Early Regional History
Explorers and Settlements
The area which is now Stanislaus County was discovered by Lieutenant Gabriel Moraga, a Spanish soldier. He was the son of Jose Joaquin Moraga, the founder of Yerba Buena (San Francisco), according to Tinkham. It was 1808, and Moraga, accompanied by 25 men, set out from the mission at San Juan Bautista with Padre Pedro Munoz. The ultimate purpose of Moraga's inland foray was to find a spot to found a mission, which never reached fruition.
From 1820 through 1830, hunters and trappers were the only visitors to the region. In 1832, the Hudson Bay Company first established "French Camp" rendezvous and trapped the valley rivers. Captain John C. Fremont camped on the rivers in the area in 1841, writing, "Emerging from the timber, we came suddenly upon the Stanislaus River where we hoped to find a ford, but the stream was flowing by, dark and deep, swollen by mountain snows. . ."
First Settlement, Gold Rush and a New State
Tinkham's history cites the first settlement in the Stanislaus region as the Mormon colony of Stanislaus City or New Hope. The Mormons were part of a contingent that had traveled to Yerba Buena from New York hoping to find a place where they could worship unmolested. Samuel Brannan, the leader of the Mormon group, wrote in 1847, "We have commenced a settlement on the Stanislaus River, a large and beautiful stream emptying into the Bay of San Francisco." The colony lasted a short time, according to Tinkham, because of a disagreement among the settlers, however subsequent histories also state that Brannan tried to convince Brigham Young to settle in California, but the California Mormons were called back to the Valley of Great Salt Lake.
With James W. Marshall's discovery of gold and the subsequent gold rush of 1849, a stampede of people flooded California, all seeking their fortunes. Brannan, who had stayed in the state, was said to have started the stampede. "Sam Brannan strode down the main street of San Francisco shouting, 'Gold! Gold! Gold! from the American River.'" Tinkham says that in less than two years 100,000 people inhabited the new state. Many stayed to establish towns and cities in Northern California.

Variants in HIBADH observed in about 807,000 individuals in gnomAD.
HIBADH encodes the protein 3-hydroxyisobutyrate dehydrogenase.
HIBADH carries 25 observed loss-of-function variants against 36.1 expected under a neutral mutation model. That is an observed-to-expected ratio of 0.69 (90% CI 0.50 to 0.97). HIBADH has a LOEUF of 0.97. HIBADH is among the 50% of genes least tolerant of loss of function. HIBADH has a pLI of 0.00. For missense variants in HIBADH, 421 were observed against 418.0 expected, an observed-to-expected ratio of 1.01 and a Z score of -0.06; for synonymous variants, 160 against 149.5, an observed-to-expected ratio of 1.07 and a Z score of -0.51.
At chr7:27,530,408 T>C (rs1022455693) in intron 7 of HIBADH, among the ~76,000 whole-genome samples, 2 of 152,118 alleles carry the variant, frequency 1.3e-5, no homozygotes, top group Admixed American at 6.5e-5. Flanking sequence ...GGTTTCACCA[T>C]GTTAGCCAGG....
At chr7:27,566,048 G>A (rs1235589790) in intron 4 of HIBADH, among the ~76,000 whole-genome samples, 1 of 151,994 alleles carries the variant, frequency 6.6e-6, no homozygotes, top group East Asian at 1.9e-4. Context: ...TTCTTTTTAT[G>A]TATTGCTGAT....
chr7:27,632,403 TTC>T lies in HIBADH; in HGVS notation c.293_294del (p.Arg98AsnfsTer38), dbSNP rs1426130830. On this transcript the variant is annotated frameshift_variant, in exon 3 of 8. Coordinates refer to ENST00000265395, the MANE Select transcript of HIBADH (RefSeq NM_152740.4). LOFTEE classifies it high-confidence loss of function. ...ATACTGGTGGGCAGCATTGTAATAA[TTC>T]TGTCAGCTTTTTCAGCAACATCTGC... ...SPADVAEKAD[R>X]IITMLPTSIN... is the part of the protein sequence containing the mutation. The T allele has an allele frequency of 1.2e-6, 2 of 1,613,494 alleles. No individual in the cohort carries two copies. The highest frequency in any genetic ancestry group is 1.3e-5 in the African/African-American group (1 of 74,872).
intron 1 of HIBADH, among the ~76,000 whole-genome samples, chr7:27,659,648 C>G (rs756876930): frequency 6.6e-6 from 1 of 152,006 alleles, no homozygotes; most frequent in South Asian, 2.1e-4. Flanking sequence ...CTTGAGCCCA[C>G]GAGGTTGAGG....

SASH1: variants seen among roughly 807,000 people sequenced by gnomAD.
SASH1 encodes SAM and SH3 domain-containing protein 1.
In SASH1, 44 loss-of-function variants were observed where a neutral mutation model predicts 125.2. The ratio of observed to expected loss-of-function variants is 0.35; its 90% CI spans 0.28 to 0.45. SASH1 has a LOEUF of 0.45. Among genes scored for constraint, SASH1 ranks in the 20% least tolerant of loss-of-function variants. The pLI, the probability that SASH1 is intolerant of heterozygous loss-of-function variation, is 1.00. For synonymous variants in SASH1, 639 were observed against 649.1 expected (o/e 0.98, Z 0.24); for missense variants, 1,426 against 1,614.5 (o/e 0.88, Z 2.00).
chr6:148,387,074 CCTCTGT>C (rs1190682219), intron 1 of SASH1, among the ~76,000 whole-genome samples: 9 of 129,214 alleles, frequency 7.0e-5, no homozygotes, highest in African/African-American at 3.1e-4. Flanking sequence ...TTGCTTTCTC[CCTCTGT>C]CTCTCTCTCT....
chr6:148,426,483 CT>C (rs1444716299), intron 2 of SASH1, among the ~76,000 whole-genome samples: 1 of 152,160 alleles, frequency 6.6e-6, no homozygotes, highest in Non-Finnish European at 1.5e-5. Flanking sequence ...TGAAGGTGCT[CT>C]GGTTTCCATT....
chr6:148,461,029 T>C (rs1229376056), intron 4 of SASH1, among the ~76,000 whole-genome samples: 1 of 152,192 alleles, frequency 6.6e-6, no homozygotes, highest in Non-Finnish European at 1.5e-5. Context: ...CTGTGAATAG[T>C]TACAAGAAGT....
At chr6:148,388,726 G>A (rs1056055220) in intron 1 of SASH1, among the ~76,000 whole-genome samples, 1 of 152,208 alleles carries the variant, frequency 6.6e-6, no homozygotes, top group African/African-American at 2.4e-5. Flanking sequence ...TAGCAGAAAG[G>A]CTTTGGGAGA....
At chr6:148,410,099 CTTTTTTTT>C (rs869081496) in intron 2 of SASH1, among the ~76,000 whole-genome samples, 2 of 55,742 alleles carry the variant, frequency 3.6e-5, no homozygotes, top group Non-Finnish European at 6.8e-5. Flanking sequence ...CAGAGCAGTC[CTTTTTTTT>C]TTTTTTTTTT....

On September 9, 1850, California became the 39th state in the United States. The territory was divided into 27 counties, which would soon increase to an eventual total of 58.
Ferry Crossings Along the Rushing Rivers
Once the 49ers started their treks to the Mother Lode, in order to ford the rushing rivers from the valleys to the foothills and beyond, ferries sprang up everywhere along the Tuolumne and Stanislaus rivers, moved from here to there for convenience sake. Hillgard and Burman Ferry was established on the Stanislaus in 1850. Burneyville Ferry was located where the city of Riverbank now stands, along with Keeler's Ferry and Knight's Ferry on the Stanislaus River route to gold.
On the Tuolumne River there was Grayson Ferry, Tuolumne City, Paradise City, Adamsville, Westport Landing, Whitmore Ferry, Empire City, Baker's Ferry (now Waterford), Robert's Ferry and La Grange - these were "stopping places and villages that served the area." In "Stanislaus County - 100 Years of Progress," compiled for Stanislaus County Schools in 1954, there is a note that, "The settlements that grew prosperous and continued to grow were those closest to the mines. Gold was the main reason for their existence." Two historic towns still standing that were important centers before the county was formed were La Grange on the Tuolumne and Knights Ferry on the Stanislaus.
Top, wheat boat on the Tuolumne River in Paradise Valley; middle, Burneyville Ferry, located near what is now Riverbank; bottom, Adamsville Ferry, location of Stanislaus County's first county seat.